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World News: Indian women learning to look after themselves

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PHUKET MEDIA WATCH
– World news selected by Gazette editors for Phuket’s international community

Women take up self-defence, pepper spray after India rape
Reuters / Phuket Gazette
PHUKET: Women in India’s capital are taking self-defence classes, snapping up pepper sprays, booking cabs with female drivers or leaving work early, all signs of growing insecurity following the brutal gang rape and murder of a student last month.

The assault on the 23-year-old – who was raped by six people and tortured with an iron bar on a bus, then left bleeding on a highway – stunned the nation and generated an unprecedented wave of protests calling for better security for women.

In response to the public outrage, authorities have initiated several measures to instil confidence, but many women say they cannot rely on India’s often gender-insensitive and under-resourced police force to ensure their security.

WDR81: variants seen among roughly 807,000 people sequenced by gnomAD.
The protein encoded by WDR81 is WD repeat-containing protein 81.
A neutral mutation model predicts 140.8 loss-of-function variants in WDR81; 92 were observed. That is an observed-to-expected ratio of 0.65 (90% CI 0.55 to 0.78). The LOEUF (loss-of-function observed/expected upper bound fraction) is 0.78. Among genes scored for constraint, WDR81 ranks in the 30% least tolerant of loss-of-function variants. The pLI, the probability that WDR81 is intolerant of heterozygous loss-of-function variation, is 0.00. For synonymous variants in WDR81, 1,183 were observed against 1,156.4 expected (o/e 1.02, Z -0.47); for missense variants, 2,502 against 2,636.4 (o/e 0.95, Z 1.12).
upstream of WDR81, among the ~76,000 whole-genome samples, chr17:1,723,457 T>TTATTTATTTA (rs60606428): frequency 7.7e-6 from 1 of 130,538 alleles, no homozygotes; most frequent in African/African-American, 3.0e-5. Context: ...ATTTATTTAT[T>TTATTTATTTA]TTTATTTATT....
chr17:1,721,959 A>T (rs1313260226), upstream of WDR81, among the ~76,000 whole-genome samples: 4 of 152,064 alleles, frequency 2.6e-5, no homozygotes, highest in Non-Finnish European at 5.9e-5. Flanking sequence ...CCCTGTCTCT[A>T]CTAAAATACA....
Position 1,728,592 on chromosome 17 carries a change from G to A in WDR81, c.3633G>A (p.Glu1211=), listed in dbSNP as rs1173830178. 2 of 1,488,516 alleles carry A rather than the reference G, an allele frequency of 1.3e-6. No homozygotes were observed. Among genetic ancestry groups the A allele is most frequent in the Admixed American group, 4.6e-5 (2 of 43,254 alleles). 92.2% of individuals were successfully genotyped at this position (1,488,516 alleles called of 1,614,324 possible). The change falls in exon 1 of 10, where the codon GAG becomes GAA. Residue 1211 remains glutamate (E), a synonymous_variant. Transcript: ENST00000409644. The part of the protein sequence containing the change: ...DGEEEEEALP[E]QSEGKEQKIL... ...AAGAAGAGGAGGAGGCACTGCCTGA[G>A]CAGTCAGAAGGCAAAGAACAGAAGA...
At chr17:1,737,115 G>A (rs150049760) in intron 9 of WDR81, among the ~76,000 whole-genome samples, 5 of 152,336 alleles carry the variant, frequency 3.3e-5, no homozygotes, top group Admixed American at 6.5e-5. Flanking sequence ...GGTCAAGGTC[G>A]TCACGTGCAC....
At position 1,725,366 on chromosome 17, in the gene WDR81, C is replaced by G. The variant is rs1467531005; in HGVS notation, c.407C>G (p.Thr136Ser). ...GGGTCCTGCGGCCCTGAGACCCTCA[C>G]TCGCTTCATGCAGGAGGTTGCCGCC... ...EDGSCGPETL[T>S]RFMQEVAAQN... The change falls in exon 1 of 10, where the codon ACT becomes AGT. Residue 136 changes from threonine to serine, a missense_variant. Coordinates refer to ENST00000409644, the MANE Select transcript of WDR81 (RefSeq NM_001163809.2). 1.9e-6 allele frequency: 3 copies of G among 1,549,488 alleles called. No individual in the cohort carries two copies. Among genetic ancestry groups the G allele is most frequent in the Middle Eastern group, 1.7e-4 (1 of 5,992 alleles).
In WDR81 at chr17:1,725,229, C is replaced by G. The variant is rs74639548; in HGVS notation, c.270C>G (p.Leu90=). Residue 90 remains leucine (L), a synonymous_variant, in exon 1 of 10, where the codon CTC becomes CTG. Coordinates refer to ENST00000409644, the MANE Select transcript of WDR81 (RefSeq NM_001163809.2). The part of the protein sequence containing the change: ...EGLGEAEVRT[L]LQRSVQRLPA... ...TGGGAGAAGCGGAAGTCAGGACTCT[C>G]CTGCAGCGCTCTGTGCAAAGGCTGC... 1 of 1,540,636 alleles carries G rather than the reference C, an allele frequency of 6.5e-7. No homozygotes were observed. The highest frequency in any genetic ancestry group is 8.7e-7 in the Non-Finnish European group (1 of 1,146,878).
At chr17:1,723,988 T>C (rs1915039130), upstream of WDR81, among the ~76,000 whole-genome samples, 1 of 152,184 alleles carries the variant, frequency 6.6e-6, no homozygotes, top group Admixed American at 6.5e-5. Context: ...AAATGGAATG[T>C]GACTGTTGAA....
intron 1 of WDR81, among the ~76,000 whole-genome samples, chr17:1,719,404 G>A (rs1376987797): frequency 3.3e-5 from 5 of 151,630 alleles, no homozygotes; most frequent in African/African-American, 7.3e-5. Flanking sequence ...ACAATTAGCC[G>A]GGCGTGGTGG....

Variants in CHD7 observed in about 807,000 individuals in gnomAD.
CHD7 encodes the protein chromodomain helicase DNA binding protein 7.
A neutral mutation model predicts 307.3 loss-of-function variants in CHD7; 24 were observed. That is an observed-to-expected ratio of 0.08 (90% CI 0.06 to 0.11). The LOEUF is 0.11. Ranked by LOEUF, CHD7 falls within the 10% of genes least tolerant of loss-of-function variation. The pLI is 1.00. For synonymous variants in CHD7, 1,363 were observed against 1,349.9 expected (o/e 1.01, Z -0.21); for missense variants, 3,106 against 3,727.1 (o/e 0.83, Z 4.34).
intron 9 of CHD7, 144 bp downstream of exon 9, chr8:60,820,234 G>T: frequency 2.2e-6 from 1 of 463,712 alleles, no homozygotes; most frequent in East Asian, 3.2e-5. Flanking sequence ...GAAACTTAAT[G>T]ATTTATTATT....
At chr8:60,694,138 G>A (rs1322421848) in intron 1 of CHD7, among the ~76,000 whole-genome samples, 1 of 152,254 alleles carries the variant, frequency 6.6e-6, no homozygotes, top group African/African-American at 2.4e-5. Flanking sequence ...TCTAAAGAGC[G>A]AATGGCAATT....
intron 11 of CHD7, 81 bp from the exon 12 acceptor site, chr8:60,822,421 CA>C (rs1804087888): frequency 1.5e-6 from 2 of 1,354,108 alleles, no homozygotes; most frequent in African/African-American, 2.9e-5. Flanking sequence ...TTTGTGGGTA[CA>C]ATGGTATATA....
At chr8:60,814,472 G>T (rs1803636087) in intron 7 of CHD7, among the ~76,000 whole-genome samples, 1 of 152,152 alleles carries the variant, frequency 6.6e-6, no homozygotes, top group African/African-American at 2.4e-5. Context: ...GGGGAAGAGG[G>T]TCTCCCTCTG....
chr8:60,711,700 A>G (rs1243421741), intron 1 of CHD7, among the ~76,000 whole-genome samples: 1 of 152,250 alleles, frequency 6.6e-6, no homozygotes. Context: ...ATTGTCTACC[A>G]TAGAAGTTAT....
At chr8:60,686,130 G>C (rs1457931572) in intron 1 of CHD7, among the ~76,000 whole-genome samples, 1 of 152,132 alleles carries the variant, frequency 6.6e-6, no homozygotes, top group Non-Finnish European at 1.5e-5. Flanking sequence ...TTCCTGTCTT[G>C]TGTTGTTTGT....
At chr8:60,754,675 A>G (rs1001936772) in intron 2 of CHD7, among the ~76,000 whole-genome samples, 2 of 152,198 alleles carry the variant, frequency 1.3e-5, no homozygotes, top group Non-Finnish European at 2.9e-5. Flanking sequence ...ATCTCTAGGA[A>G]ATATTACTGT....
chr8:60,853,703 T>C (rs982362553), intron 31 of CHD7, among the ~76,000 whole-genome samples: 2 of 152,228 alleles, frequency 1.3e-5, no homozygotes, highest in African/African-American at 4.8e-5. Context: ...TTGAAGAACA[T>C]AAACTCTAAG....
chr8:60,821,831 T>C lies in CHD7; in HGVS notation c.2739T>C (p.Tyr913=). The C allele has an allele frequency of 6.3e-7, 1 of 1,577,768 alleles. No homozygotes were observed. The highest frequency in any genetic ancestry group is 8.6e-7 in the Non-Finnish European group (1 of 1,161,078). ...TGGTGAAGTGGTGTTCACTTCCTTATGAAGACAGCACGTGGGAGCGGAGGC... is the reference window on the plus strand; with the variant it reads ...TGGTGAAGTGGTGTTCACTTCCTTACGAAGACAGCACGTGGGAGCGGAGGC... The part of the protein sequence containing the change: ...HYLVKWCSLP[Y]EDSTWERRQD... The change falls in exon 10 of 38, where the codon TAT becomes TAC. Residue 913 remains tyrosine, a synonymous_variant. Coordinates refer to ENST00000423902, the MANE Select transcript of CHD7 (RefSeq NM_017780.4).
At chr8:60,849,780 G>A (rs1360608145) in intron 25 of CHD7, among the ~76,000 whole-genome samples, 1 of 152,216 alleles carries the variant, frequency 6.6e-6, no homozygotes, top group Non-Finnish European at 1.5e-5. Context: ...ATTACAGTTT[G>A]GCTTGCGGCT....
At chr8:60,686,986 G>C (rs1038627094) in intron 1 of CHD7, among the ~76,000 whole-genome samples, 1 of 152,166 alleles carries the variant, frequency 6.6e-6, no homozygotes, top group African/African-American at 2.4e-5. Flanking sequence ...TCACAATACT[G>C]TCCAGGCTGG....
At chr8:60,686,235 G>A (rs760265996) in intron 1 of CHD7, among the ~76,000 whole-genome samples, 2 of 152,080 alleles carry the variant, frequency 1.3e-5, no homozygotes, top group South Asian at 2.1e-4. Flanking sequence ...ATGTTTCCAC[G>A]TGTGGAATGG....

“It’s no secret that Delhi is unsafe for women. A lot of us have known it for a long time, but this case has brought things to light,” said Sunanda Jalote, 18, a psychology student, attending her first self-defence class with Invictus Survival Sciences in South Delhi.

“It really has hit the confidence of women in the city. We don’t want to feel like that. We want to be able to go out wherever we want, at any time of day or night, and feel safe. So you have to learn how to defend yourself.”

New Delhi, with a burgeoning population of 16 million, has the unsavoury reputation of being the country’s “rape capital”, recording more rapes annually than any other Indian city.

There were 706 rapes reported in 2012, a 23 percent rise from the previous year, according to the Delhi police, while molestation cases rose by 11 percent to 727.

Female cab drivers, pepper spray